Destructors in PHP

By: Andi, Stig and Derick Printer Friendly Format    


Destructor functions are the opposite of constructors. They are called when the object is being destroyed (for example, when there are no more references to the object). As PHP makes sure all resources are freed at the end of each request, the importance of destructors is limited. However, they can still be useful for performing certain actions, such as flushing a resource or logging information on object destruction. There are two situations where your destructor might be called: during your script’s execution when all references to an object are destroyed, or when the end of the script is reached and PHP ends the request. The latter situation is delicate because you are relying on some objects that might already have had their destructors called and are not accessible anymore. So, use it with care, and don’t rely on other objects in your destructors.

Defining a destructor is as simple as adding a __destruct() method to your class:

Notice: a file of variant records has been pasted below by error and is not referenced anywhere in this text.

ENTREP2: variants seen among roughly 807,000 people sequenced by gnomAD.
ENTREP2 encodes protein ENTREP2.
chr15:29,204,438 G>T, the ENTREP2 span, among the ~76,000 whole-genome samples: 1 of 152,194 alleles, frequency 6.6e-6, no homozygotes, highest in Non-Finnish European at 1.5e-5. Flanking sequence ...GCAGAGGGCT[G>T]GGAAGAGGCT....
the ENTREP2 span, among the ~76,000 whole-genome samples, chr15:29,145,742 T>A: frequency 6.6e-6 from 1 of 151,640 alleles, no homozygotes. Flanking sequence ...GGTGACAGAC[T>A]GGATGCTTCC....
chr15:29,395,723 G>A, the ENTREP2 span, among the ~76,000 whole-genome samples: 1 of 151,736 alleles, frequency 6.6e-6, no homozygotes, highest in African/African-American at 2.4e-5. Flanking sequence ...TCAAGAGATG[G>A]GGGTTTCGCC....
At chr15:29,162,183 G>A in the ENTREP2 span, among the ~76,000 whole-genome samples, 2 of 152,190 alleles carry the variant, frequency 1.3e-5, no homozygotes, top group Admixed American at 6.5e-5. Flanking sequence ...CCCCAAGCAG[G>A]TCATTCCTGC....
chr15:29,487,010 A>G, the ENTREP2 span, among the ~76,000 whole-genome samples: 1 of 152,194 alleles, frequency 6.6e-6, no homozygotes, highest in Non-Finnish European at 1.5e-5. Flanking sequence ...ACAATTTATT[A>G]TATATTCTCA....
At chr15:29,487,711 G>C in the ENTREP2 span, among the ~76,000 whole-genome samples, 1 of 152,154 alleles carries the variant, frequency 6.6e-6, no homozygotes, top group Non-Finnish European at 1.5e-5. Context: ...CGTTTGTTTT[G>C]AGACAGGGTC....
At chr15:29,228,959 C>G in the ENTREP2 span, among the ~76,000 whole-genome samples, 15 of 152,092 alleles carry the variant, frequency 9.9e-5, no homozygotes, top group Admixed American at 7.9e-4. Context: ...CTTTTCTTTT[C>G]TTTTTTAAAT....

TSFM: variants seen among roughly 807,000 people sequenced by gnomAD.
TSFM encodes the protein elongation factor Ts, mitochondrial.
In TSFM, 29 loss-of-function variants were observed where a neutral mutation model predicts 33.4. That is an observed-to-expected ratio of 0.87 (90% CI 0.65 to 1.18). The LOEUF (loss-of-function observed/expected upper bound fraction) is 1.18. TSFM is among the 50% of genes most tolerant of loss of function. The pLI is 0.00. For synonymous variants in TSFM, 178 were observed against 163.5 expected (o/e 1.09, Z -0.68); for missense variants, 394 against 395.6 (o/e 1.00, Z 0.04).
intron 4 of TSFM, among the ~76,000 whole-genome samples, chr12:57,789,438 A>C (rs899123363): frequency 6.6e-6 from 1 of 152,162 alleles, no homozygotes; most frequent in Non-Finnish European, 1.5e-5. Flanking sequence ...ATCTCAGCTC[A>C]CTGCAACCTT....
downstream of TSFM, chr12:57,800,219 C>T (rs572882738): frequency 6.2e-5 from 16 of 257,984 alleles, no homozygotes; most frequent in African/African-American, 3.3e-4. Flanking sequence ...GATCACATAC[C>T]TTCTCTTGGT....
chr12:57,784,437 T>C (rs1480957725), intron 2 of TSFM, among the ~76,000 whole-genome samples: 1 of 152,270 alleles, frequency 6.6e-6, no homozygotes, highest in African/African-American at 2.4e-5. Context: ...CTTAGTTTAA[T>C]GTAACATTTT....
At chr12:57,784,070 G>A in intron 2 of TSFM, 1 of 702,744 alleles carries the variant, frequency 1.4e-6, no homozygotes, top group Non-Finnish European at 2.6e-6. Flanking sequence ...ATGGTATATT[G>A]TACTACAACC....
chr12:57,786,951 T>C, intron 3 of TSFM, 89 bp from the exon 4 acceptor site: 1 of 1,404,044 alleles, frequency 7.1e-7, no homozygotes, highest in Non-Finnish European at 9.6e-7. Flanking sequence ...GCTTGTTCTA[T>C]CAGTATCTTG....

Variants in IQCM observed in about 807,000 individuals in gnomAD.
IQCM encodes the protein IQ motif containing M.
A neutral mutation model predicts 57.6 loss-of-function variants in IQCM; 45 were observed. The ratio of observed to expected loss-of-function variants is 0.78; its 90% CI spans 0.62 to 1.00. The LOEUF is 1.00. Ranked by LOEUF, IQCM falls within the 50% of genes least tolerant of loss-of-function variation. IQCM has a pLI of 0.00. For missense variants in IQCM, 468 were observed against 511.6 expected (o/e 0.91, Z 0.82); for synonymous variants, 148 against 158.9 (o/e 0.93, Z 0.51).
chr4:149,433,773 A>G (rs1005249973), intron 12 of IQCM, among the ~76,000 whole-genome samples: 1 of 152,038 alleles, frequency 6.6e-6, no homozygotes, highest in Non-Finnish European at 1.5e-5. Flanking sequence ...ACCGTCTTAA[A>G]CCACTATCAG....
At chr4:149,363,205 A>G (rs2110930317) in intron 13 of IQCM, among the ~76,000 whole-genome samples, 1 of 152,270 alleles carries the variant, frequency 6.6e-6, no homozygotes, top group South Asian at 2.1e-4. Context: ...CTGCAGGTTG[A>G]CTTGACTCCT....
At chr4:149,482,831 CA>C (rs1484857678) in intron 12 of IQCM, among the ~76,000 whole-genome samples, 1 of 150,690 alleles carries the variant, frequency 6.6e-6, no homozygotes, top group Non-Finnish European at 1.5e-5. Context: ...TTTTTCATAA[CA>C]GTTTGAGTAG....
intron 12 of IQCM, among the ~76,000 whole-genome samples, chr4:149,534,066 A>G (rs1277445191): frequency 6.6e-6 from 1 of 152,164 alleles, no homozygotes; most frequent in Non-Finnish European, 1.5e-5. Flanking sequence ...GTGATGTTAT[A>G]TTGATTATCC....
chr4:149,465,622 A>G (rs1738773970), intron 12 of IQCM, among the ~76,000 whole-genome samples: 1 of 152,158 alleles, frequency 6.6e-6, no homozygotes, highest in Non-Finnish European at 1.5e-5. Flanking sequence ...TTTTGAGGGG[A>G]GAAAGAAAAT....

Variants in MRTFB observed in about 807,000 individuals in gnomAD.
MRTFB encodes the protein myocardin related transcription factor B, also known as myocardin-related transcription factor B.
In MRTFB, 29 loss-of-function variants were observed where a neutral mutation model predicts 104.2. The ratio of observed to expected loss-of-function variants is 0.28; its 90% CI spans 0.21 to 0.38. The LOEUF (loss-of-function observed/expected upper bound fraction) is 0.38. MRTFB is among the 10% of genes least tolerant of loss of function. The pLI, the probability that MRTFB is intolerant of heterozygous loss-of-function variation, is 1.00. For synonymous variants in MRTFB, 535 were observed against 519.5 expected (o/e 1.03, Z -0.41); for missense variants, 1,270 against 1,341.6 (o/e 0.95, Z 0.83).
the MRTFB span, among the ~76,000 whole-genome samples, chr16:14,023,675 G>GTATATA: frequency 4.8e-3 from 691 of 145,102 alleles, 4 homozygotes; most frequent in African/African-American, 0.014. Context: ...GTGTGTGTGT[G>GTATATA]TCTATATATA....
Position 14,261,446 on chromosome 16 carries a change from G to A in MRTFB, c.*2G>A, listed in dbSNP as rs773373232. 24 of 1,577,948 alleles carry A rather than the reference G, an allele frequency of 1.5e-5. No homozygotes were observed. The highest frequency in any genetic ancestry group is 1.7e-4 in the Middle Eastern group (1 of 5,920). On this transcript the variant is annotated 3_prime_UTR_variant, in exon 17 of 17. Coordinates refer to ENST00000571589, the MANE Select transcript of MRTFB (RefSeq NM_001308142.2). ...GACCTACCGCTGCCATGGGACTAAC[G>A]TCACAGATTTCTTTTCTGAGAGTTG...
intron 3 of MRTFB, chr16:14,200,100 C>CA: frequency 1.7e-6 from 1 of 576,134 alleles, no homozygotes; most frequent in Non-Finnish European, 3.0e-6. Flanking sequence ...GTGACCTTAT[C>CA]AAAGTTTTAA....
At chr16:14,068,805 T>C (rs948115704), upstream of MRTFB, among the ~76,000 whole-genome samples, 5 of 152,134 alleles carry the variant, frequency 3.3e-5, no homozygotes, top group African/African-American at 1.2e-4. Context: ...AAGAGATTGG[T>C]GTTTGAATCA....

class MyClass {

function __destruct()

{

print "An object of type MyClass is being destroyed\n";

}

}

$obj = new MyClass();

$obj = NULL;

This script prints An object of type MyClass is being destroyed In this example, when $obj = NULL; is reached, the only handle to the object is destroyed, and therefore the destructor is called, and the object itself is destroyed. Even without the last line, the destructor would be called, but it would be at the end of the request during the execution engine’s shutdown.

Tip: The exact point in time of the destructor being called is not guaranteed by PHP, and it might be a few statements after the last reference to the object has been released. Thus, be aware not to write your application in a way where this could hurt you.



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